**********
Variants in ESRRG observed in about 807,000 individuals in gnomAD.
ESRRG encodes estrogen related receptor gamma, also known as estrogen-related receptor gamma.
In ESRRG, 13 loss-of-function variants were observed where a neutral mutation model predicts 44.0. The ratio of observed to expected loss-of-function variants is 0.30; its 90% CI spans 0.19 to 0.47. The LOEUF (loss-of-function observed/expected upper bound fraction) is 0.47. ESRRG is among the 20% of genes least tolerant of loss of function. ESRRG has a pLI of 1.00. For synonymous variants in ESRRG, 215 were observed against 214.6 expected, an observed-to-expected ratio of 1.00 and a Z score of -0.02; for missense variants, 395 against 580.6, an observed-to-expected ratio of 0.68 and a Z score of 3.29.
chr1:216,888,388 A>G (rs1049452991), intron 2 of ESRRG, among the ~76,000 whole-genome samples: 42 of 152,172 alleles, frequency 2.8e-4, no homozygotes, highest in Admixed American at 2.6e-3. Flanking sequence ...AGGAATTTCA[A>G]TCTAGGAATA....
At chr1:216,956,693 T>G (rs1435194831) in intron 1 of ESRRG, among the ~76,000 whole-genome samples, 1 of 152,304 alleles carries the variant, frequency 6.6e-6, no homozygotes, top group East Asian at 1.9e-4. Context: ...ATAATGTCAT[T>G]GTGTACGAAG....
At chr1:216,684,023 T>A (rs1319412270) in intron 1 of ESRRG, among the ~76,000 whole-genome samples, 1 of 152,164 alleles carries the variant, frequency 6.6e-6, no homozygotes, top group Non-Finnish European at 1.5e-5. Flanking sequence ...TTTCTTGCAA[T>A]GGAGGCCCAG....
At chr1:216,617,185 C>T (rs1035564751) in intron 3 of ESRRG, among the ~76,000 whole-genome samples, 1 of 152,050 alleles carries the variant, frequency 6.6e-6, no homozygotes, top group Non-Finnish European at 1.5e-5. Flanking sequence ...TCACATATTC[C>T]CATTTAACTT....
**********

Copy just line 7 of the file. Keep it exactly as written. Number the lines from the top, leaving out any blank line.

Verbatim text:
At chr1:216,617,185 C>T (rs1035564751) in intron 3 of ESRRG, among the ~76,000 whole-genome samples, 1 of 152,050 alleles carries the variant, frequency 6.6e-6, no homozygotes, top group Non-Finnish European at 1.5e-5. Flanking sequence ...TCACATATTC[C>T]CATTTAACTT....